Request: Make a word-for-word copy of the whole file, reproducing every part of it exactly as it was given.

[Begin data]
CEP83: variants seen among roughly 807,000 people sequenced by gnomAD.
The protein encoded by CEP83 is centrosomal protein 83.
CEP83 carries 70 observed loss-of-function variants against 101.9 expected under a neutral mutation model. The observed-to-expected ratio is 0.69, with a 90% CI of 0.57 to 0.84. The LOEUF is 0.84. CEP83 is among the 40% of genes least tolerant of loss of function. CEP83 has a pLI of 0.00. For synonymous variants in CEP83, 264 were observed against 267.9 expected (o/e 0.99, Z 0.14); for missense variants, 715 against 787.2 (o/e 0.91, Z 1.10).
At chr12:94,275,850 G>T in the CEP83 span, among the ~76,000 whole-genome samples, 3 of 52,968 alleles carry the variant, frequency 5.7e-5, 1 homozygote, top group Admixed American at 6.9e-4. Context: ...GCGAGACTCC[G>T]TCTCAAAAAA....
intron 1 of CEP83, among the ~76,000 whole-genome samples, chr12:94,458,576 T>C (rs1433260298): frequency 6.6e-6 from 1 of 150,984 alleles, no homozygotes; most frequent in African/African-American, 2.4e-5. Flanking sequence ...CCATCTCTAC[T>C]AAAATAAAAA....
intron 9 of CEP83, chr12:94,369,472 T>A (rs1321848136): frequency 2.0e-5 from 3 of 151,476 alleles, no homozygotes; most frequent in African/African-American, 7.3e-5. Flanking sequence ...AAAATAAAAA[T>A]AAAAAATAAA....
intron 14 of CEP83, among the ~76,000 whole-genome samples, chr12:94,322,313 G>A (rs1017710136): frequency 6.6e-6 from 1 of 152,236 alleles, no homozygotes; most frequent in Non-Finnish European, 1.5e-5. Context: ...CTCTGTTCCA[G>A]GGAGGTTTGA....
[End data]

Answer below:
CEP83: variants seen among roughly 807,000 people sequenced by gnomAD.
The protein encoded by CEP83 is centrosomal protein 83.
CEP83 carries 70 observed loss-of-function variants against 101.9 expected under a neutral mutation model. The observed-to-expected ratio is 0.69, with a 90% CI of 0.57 to 0.84. The LOEUF is 0.84. CEP83 is among the 40% of genes least tolerant of loss of function. CEP83 has a pLI of 0.00. For synonymous variants in CEP83, 264 were observed against 267.9 expected (o/e 0.99, Z 0.14); for missense variants, 715 against 787.2 (o/e 0.91, Z 1.10).
At chr12:94,275,850 G>T in the CEP83 span, among the ~76,000 whole-genome samples, 3 of 52,968 alleles carry the variant, frequency 5.7e-5, 1 homozygote, top group Admixed American at 6.9e-4. Context: ...GCGAGACTCC[G>T]TCTCAAAAAA....
intron 1 of CEP83, among the ~76,000 whole-genome samples, chr12:94,458,576 T>C (rs1433260298): frequency 6.6e-6 from 1 of 150,984 alleles, no homozygotes; most frequent in African/African-American, 2.4e-5. Flanking sequence ...CCATCTCTAC[T>C]AAAATAAAAA....
intron 9 of CEP83, chr12:94,369,472 T>A (rs1321848136): frequency 2.0e-5 from 3 of 151,476 alleles, no homozygotes; most frequent in African/African-American, 7.3e-5. Flanking sequence ...AAAATAAAAA[T>A]AAAAAATAAA....
intron 14 of CEP83, among the ~76,000 whole-genome samples, chr12:94,322,313 G>A (rs1017710136): frequency 6.6e-6 from 1 of 152,236 alleles, no homozygotes; most frequent in Non-Finnish European, 1.5e-5. Context: ...CTCTGTTCCA[G>A]GGAGGTTTGA....